Chinese money plant watering: how much and when to water can be answered in a variety of ways depending on a lot of different factors. In general, when the soil feels dry 1 inch or more down, it’s time to give it a thorough soaking. If that’s not the mantra for watering Pilea peperomioides, it should be. Keep reading to learn everything you need to know about Chinese money plant watering.
Pilea Peperomioides: A Brief History
Chinese money plant (Pilea peperomioides), native to Yunnan, China, was initially discovered by Scottish botanist George Forest in the earliest years of the 20th century. However, it was widely introduced in the West in 1946 by Agnar Espegren, a Norwegian missionary. Esperegren and his family were rather abruptly forced to evacuate from China. China was on the brink of civil war. On his way out of the country, Espegren was either given or purchased a Pilea peperomioides. Safely out of China, the family landed in Calcutta, India, living there for the better part of a year before returning to Norway.
Unpacking his luggage upon his return home, Espegren discovered the all-but-forgotten-for-a-year plant. For a year. And it was still alive. I use this story to illustrate the Chinese money plant’s drought tolerance. The worst thing you can do is overwater. I can’t stress that enough. Where these plants and water are concerned less is best. But I digress.
Long story short, once Espegren started caring for his plant, it thrived, and he propagated it, giving it to friends across Norway and Sweden. Soon Pilea peperomioides spread throughout Europe, making its way to North America in the mid-20th century. Pilea peperomioides has only been widely available in the U.S. since about 2010.
So what is the best way to go about Chinese money plant watering?
Chinese Money Plant Watering: How Much and How Often
How much water your plant requires depends on a number of factors, from plant placement, the time of the year, and the size of the plant and its pot, the needs will vary. A Chinese money plant planted in a terra-cotta pot placed in a Southern window will require more water and need to be watered more frequently than a plant in an Eastern window in the wintertime. You’ll become accustomed to its water requirements once you’ve had your Chinese money plant for a while. But as a general rule, during the summer, Pilea peperomioides need to be watered once a week. In the winter hold off on watering until the soil is dry at least 2 inches down.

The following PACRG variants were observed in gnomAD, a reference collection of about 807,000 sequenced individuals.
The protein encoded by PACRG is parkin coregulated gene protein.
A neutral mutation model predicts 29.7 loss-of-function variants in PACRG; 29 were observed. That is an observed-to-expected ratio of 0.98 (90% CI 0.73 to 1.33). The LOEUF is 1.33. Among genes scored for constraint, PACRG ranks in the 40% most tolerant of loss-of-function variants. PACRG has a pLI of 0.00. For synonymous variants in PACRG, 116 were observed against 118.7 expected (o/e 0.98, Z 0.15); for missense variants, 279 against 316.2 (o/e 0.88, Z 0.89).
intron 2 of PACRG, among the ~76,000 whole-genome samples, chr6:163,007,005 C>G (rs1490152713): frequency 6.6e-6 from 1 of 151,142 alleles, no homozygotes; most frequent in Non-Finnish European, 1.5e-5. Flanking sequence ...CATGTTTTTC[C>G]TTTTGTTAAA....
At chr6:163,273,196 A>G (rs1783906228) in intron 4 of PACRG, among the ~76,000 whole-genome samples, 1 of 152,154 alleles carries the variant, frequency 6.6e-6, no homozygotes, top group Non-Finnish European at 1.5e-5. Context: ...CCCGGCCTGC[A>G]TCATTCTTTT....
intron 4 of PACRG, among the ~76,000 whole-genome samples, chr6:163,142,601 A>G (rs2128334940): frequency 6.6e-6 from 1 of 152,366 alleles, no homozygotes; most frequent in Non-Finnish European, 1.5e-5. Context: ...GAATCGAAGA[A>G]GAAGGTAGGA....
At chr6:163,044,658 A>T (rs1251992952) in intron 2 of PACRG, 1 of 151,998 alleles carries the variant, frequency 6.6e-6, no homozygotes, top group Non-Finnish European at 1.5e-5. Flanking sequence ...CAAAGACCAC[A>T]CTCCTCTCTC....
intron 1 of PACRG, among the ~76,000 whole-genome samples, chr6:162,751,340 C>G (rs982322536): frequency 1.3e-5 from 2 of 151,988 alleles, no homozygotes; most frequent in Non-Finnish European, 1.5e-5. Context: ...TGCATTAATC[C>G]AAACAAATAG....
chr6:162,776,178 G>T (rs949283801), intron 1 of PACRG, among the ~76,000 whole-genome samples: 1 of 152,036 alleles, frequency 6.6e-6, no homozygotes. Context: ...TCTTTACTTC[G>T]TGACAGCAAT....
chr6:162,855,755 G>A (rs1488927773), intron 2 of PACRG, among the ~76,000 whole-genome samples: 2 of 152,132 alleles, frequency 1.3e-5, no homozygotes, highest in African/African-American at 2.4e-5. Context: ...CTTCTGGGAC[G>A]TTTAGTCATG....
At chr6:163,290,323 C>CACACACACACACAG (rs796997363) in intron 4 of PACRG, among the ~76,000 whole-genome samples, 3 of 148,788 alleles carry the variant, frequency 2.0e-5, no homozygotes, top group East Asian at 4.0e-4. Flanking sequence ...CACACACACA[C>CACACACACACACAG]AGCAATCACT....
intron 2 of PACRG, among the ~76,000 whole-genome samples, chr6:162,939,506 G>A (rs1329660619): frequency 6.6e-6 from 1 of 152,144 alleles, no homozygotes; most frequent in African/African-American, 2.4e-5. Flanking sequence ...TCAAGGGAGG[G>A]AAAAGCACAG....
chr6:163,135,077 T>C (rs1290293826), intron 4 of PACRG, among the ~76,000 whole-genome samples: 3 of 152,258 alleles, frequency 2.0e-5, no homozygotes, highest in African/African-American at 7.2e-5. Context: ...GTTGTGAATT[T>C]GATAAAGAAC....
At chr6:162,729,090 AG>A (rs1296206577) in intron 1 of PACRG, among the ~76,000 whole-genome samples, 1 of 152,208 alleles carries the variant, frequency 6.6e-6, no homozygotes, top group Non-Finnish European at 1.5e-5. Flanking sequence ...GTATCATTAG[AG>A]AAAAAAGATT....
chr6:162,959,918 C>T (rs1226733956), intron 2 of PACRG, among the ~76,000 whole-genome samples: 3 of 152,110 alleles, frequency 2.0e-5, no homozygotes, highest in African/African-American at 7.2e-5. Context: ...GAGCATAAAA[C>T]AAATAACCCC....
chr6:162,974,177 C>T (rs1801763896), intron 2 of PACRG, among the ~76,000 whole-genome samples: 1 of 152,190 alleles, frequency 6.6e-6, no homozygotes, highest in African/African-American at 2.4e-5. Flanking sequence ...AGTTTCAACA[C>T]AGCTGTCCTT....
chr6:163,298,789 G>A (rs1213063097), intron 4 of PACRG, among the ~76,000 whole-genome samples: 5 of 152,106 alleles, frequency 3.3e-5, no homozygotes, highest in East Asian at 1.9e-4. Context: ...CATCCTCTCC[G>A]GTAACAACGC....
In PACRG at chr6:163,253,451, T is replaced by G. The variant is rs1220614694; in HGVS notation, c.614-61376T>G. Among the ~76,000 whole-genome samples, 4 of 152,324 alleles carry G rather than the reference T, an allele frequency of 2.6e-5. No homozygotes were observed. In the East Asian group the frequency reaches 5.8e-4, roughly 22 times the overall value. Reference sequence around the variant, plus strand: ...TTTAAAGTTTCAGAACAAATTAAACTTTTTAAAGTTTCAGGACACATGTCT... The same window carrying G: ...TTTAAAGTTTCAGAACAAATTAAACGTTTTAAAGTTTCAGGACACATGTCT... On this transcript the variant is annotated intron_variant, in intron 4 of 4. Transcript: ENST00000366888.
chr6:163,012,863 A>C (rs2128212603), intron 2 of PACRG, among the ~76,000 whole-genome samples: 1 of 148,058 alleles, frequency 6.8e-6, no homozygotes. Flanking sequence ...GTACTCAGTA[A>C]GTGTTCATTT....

The amount of water required will vary based on the size of the plant and its container. The method of watering you choose will also dictate the amount of water necessary.
Chinese Money Plant Watering: Watering Methods
There are three ways to go about Chinese money plant watering:
- over the soil
- bottom watering
- water bath
Over the Soil
Over the soil watering involves pouring the water directly onto the soil. The water may be supplied from a faucet, watering can, or cup. regardless of the source, the water should be allowed to run through the soil, drenching it. Allow your Chinese money plant time to drain completely prior to returning it to its saucer.
Bottom watering is a method by which you water your plant from the bottom, by filling the saucer with water, which the soil will absorb. Continue to add water to the saucer as long as the soil continues to soak it up. Once the water starts to remain in the saucer, pour it out. Allow the thoroughly watered plant to rest in a saucer for a bit, 30 minutes to an hour, to catch any runoff. After one hour pour out any remaining water from the saucer, as once the Chinese money plant is watered, it needs to immediately begin to dry out.
A water bath, as its name suggests, relies on submerging your plant in water up to its stems. The water around the plant’s container will bubble as it replaces the air in the dry soil. Once the water ceases to bubble, your plant is fully watered.
Regardless of the method of watering you choose, be aware that Chinese money plants do not especially like for their leaves to be wet. Take care when watering your pant to water around the base, wetting the soil. If your Chinese money plant’s leaves become dusty, gently clean them with a soft cloth rather than water.
Chinese Money Plant Watering: Overwatering
Here’s the skinny on why you shouldn’t overwater your Chinese money plant. Chinese money plants are prone to root rot. Root rot can occur from having soil that is too wet for the roots and rhizomes to access oxygen, causing ataxia. Secondary causes are bacteria or fungi that thrive in wet/ damp conditions. Regardless of the underlying cause, root rot is difficult to treat and almost always results in the death of the plant. So, err on the side of caution when watering your Chinese money plant. Signs of overwatering include yellowing leaves and limp plant stems. Ironically, you can keep a Chinese money plant offshoot in water indefinitely, as long as you are changing the water regularly. While the plant will not grow as vigorously as in soil, it won’t get root rot, either.
Chinese money plant watering, how much and when: only when the soil is dry, watering thoroughly while keeping its leaves dry. Your plant will thank you with years of lovely round green leaves and plenty of opportunities to propagate! Interested in learning more about Pilea peperomiodies? Click here!
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- houseplantcentral.com, Available here: https://houseplantcentral.com/pilea-peperomioides-watering/
- pilea.com, Available here: https://www.pilea.com/post/how-to-water-your-pilea-properly
- livelyroot.com, Available here: https://www.livelyroot.com/blogs/plant-care/how-to-care-for-your-chinese-money-plant